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Monthly Archives: November 2013


(Last December, you may recall, was a rough one in the news and for many people personally.  A good friend asked me to find this piece I wrote on my blog about surviving the holidays, as she thought it would be helpful for a friend of hers.  As we sweep into the heart of the holiday season, the squabbles are ramping up about this that and the other things; it’s a certainty that many of the public news squabbles will be served up on Thursday at family dinner tables along with the sweet potatoes and cranberry sauce. It’s also a certainty than many people loathe this time of year but have to put on a brave face. I hope it helps the friend who reads it; I hope it may help anyone else who is dreading the holidays.)


Christmas is when we gather up everything good in our life, all the warmth and the light and all the good memories, and draw it close and enjoy it as much as we are able to. We gather up our children, make food, light the lights, sing the songs. We come as close as possible for as long as possible. – Garrison Keillor, Now it is Christmas Again

It is now Christmas Eve in Australia and Europe. Some of you are beginning the last of the preparations for Christmas. So many of you are struggling at this time of year when we’re all *supposed* to be happy. I read your journals and I see illness, conflicts, unemployment, family problems, grief over deeply personal things that you’re powerless to fix. In addition, most people are still reeling in some way from the seemingly nonstop tragedies, large and small, that have hit us all recently.

It is a wicked world in which the power of any individual to cause suffering is so great and the power to do good is so slight. – Garrison Keillor

I wish I had something magical to say that would make this Christmas joyful, or at least pleasant, for you all. This is the best I can do:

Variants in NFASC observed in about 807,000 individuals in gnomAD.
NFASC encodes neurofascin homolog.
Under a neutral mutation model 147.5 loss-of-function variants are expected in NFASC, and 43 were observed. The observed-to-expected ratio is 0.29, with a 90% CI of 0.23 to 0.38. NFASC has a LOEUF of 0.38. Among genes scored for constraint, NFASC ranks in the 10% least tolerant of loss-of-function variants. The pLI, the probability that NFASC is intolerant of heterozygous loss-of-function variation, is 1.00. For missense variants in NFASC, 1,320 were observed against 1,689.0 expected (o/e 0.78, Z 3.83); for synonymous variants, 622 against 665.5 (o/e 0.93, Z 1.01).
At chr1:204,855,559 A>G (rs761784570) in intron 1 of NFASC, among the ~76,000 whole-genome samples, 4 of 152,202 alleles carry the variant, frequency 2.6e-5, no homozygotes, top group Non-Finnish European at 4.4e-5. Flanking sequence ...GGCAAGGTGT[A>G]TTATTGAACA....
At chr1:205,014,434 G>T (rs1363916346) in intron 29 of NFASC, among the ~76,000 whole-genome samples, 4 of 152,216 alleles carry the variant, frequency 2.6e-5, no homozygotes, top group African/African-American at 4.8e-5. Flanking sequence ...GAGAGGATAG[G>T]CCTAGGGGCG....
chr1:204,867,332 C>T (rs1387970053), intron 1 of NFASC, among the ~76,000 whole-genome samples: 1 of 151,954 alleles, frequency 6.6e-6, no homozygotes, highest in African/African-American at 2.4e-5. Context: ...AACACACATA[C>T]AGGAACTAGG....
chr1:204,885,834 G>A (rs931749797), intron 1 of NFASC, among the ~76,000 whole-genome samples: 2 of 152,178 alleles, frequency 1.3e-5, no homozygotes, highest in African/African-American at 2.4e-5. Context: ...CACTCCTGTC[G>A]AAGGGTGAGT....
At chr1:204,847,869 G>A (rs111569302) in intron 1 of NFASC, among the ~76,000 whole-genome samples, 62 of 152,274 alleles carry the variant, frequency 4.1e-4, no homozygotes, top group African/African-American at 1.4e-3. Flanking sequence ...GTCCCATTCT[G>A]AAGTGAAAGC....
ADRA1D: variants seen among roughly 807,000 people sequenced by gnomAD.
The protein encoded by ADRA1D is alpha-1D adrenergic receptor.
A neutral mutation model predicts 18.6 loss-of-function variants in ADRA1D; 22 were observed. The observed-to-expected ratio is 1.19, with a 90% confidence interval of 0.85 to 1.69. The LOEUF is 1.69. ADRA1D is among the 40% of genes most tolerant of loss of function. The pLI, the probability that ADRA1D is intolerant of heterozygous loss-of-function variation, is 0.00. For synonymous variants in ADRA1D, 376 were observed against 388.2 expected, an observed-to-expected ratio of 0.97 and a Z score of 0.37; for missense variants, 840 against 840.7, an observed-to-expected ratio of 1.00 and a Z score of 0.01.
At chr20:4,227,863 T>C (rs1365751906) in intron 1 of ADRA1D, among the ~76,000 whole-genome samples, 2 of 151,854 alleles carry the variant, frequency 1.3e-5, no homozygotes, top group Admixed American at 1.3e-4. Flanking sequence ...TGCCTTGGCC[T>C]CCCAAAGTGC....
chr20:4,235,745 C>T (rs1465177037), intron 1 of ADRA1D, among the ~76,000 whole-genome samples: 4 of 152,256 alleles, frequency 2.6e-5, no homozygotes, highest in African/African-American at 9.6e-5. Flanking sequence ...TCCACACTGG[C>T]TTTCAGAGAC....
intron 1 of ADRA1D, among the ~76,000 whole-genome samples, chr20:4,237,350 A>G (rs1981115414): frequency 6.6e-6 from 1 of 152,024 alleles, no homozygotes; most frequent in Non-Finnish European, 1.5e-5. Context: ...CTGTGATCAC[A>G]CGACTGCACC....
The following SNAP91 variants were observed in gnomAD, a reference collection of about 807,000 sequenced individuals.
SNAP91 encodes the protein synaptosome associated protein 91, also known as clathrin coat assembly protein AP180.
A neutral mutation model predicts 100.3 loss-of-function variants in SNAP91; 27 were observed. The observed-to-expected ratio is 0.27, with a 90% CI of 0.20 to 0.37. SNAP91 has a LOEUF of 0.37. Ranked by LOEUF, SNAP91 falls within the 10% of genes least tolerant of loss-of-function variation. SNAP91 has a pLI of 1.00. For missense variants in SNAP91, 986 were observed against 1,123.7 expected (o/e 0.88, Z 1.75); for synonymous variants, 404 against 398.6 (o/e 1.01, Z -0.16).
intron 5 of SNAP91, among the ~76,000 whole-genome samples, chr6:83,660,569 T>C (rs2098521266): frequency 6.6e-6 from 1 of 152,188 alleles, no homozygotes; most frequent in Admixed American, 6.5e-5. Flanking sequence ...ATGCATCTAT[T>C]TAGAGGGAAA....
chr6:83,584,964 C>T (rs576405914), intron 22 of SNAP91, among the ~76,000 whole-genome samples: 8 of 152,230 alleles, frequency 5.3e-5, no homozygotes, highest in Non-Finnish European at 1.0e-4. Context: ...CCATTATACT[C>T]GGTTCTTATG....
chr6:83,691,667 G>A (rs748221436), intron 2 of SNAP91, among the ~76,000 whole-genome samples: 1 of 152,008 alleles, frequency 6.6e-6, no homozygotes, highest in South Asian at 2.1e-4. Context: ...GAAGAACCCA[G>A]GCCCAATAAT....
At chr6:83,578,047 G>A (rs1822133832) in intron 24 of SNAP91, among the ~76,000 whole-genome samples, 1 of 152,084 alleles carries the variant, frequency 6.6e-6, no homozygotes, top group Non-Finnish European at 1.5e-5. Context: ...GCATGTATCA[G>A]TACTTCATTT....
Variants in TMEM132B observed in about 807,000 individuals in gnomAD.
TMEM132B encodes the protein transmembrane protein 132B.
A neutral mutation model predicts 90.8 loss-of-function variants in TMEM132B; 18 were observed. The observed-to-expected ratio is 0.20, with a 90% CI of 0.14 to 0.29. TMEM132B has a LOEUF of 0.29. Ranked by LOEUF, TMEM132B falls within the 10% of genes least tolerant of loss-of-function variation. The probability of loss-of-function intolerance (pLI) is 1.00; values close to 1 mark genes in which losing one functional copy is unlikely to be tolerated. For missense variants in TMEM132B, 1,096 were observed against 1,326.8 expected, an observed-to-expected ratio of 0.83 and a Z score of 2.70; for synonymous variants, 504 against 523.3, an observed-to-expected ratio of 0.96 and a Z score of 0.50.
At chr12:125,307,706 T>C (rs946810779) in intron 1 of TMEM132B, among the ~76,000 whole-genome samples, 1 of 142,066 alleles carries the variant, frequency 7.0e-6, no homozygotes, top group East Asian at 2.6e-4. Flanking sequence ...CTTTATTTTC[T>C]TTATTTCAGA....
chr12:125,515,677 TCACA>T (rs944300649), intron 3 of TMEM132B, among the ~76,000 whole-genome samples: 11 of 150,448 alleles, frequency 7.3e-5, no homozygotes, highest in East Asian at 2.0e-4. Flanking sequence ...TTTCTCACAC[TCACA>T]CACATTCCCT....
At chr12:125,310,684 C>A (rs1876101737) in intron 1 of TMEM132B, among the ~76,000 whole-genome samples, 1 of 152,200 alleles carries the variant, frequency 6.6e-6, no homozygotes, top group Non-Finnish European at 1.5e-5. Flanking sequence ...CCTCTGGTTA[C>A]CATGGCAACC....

We had a perfect Christmas… We went for a long walk on the beach and then watched The Godfather II and ate hot-fudge sundaes. – Anne Lamott, Operating Instructions

I used to long for “perfect” Christmases because the Christmases I grew up with were anything but secure and stable. I never knew if something bad was going to happen that would make it sad, or make me feel guilty, or embarrassed, and so I had this fantasy about what I thought the perfect Christmas would be. I pictured a happy family enjoying Christmas carols around a perfectly decorated Christmas tree. I wanted singing and music, and I wanted snow falling and carolers at the door. I wanted a huge table set with linens and crystal and china, a lovely and bountiful dinner, and for us to spend Christmas night together enjoying looking at our presents and finally dropping off to sleep, knowing that all would be right with the world in the morning.

That didn’t happen.

We can build up our expectations for the perfect holiday, but if others don’t buy into our vision of Christmas it will all come crashing down around us, like the woman in this article from the New York Times. 

A Holiday Built on Presence, Not Presents
By Carolyn S. Briggs
Published: December 20, 2012
My three vegetarian, activist, urban, multi-degreed, agnostic, adult children have rejected Christmas as a consumerist sham of a holiday, one in which they will not be participating. Oh, they’ll take the day off and drink organic wine, but they won’t be buying presents, putting up a tree, baking cookies, lighting candles or decking any halls. There will be no taking of a family picture for their card and no sending of that card or any other.

For me, Christmas is one of those fleeting but essential “aah” moments of generosity, family bonding and extravagance of spirit that psychologists tell us matter because they give us the opportunity to transcend, appreciate and feel outside of time. I don’t know about you, but I need that at least once a year.

When my parents were divorcing the winter that I was 15, there was no Christmas tree at our house. We waited for Christmas to come, and it wouldn’t, so finally my little brother and I pooled our paper-route and baby-sitting money, tucked the dollars and coins inside our mittens, and walked across town to buy our own tree. We carried it several blocks home, dodging ice and snowdrifts. When we arrived, we decorated the crooked tree on our own. The house was cold, but when we plugged in the lights, my siblings and I were filled with relief. Everything would be all right.

That year my father came home on Christmas Eve bearing unwrapped presents from the minimart where he worked: radios and alarm clocks and electric curlers. He left us sitting in front of the television with our pile of gifts, price tags still attached, and went to find my mother in the bedroom, where she had been for hours.